Last night, I stayed up until 3AM, working on a scene for Her Last First Kiss. This is a second draft, not a first draft, but it’s still discovery, and I think I’m still discovering, especially with one particular scene. This is the same scene where the nameless clerk apparently didn’t come back from break, and sent an actual character in his stead. I am fine with that. What I’m not fine with is when I get into the middle of a scene, where I (think I) know what’s happening, who says what, to whom, who does what, when and where, coasting along, and then…nothing.

All the pertinent players suddenly stand on a blank stage and blink at me. Uh, guys, what’s going on here? They only blink more. They were hoping I knew. I’m the writer, after all. Well, yes, I am, but it’s their story. Especially those two. Hero and Heroine. You know who you are. I ordered sexual tension. Who has the sexual tension? Why are you just standing there? In case you haven’t guessed, I really, really, really hate when this happens. Like super hate. I know this story. I love this story. I have already written this story, which is why we call this a second draft, so why, for the love of pregnant hamsters on roller skates, are we doing the blinking on a blank stage thing?

Not that blank stages are inherently evil. I love A Chorus Line. The stage show, that is, not the movie. The movie breaks the conceit of the show, and, if they’re going to do that, why not tell a completely different story, because that’s basically what we’ve got. For A Chorus Line, that is, not Her Last First Kiss. Even the most lavishly designed set starts as a blank stage, and I do know what the jeweler’s shop looks like, who my people are, and what they need to be doing there.

This time, though, it felt…crowded. Heroine has a lot going on in her head. She’s still mad at Hero, but there he is, alongside Character X, whom she also does not really want to see right now, but she doesn’t get a choice on that. She’s also faced with the fact that, even though Hero is annoying the crap out of her, he does clean up rather well (she’ll want to put a sticky note on that for later) and she wants to get her errands done, go the heck home, and put her feet up with a book of Russian fairy tales and a cup of tea (I would not mind that, myself, actually) but nooooo. We are only a smidge past the 25% mark, so of course it is time to turn the thumbscrews.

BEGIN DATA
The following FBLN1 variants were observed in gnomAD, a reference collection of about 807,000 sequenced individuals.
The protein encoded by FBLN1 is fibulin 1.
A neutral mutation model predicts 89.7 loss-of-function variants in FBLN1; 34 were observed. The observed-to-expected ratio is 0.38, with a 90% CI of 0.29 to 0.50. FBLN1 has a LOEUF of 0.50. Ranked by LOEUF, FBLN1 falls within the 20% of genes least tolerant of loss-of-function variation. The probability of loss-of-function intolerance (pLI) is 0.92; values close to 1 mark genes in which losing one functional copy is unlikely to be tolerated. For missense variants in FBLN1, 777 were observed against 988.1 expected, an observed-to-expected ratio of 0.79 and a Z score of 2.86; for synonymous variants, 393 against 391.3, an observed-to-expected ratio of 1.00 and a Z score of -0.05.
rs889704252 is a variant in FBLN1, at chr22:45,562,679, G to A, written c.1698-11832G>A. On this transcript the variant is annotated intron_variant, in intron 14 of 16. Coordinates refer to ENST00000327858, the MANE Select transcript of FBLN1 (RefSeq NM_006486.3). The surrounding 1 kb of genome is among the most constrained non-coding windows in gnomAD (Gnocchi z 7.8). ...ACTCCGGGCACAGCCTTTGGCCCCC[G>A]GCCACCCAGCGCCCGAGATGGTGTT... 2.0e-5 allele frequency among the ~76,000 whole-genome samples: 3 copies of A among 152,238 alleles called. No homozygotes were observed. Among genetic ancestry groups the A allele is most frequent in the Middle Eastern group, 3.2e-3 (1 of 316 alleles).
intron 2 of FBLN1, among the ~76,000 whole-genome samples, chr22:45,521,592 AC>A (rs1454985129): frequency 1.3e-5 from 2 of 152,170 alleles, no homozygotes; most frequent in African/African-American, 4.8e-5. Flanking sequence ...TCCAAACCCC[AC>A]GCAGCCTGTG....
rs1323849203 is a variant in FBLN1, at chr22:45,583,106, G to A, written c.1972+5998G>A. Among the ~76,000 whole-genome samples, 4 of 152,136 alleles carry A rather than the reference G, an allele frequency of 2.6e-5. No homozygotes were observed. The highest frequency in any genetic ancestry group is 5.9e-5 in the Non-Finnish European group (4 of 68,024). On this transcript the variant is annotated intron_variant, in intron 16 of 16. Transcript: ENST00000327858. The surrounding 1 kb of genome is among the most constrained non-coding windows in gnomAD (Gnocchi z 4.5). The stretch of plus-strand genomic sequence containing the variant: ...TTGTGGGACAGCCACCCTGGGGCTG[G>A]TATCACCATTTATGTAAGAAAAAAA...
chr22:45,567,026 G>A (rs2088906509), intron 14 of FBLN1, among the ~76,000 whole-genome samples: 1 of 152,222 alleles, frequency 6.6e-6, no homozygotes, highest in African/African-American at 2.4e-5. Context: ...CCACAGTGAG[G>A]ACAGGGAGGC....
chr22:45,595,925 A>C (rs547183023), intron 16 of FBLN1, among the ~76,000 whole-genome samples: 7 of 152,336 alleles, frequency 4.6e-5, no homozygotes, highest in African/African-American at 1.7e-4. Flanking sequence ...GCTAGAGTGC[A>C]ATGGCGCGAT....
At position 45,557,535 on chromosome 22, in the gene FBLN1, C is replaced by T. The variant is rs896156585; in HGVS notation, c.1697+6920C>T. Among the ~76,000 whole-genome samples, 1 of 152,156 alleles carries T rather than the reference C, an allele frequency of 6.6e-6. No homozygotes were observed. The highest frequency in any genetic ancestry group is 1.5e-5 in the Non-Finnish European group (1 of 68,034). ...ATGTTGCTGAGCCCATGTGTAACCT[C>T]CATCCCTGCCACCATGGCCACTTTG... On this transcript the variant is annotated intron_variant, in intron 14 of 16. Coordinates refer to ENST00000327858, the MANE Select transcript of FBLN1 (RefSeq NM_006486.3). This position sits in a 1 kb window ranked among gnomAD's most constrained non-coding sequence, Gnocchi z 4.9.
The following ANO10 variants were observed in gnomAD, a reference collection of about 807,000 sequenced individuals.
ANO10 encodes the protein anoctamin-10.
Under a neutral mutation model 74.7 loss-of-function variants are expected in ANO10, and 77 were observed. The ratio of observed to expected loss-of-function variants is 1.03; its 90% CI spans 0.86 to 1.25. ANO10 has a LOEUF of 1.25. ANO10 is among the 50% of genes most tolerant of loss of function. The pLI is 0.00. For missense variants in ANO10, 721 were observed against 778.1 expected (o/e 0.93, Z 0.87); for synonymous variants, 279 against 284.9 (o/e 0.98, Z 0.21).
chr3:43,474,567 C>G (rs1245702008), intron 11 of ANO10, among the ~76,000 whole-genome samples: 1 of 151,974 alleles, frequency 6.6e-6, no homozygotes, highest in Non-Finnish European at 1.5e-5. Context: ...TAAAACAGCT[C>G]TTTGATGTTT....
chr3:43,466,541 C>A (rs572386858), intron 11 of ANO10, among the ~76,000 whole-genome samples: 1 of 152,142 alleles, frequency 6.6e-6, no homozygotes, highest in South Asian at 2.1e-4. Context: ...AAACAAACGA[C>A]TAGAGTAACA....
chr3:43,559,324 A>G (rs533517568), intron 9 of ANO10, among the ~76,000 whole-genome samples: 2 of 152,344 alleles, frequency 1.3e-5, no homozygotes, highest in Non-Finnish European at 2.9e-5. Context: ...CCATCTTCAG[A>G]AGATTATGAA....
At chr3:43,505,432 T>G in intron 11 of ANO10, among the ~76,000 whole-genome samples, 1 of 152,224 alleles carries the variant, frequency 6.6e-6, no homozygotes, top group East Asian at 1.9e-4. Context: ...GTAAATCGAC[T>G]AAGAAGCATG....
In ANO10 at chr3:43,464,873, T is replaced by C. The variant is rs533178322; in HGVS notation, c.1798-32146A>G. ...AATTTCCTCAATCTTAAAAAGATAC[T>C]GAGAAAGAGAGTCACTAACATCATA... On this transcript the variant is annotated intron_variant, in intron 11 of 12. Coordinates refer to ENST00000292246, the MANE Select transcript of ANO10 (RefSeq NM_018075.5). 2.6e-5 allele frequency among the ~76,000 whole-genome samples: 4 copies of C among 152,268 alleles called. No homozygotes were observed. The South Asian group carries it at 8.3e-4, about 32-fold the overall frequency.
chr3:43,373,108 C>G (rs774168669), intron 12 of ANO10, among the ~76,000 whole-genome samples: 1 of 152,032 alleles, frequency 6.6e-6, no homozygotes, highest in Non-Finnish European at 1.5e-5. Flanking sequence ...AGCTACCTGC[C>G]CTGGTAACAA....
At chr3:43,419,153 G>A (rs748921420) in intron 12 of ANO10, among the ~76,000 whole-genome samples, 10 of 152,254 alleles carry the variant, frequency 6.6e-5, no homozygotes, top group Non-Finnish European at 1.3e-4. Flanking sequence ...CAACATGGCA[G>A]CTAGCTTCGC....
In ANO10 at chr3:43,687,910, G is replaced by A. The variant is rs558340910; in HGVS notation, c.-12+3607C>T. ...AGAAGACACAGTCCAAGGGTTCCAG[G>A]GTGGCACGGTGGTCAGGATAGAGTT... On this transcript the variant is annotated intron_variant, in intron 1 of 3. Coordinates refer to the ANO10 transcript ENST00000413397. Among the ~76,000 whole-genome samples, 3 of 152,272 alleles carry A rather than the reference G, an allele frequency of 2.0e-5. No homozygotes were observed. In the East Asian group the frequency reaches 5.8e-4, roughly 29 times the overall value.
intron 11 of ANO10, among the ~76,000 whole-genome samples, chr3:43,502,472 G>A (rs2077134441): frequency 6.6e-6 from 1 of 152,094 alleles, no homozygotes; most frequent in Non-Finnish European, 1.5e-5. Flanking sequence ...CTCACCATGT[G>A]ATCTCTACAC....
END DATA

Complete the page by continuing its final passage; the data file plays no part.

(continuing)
Which is why flat and lukewarm is not what we’re going for here. I slapped it on the page anyway. I’ll show it to N tomorrow (Tuesday got pushed to Thursday this week, due to a sinus headache and accompanying drainage; mine, not N’s) and she will help me sift for nuggets. When I can’t write the actual scene, a thing I’ve been teaching myself to do is to write about it. That’s the pen and paper version of talking things out. I can do the talking things out version with N tomorrow, so I know the solution is on its way, and I can start looking at the next scene, which is when the tension that gets planted in this scene (or should be planted in this scene) bursts into full bloom, Hero and Heroine are alone together but for servants who don’t count in this context (and who are more into each other, anyway, so not much of a help at the moment. Thanks, guys. :slow clap:)

I employed my BFF, caffeine, kept butt in chair, and booted Character X out of the scene, in an incredibly unsubtle “I’m going to leave now, bye” exit, that is not quite “pursued by a bear,” but I’m starting to think the bear wouldn’t hurt. Also, Character X would scream like a little girl at the sight of a bear, but we’re in eighteenth century London, so bears are not exactly plentiful, especially not in a fancy rich person jewelry store. This will not go down on record as my smoothest transition ever, and I am counting on N to have suggestions on how to de-obvious Character X’s departure, but, once I got Character X out of the way, Hero and Heroine at least started talking to each other, and we did get incidental physical contact, so I am going to count that as  a mark in the positive column.

 

The (Quasi) Bujo and Me (Sort of)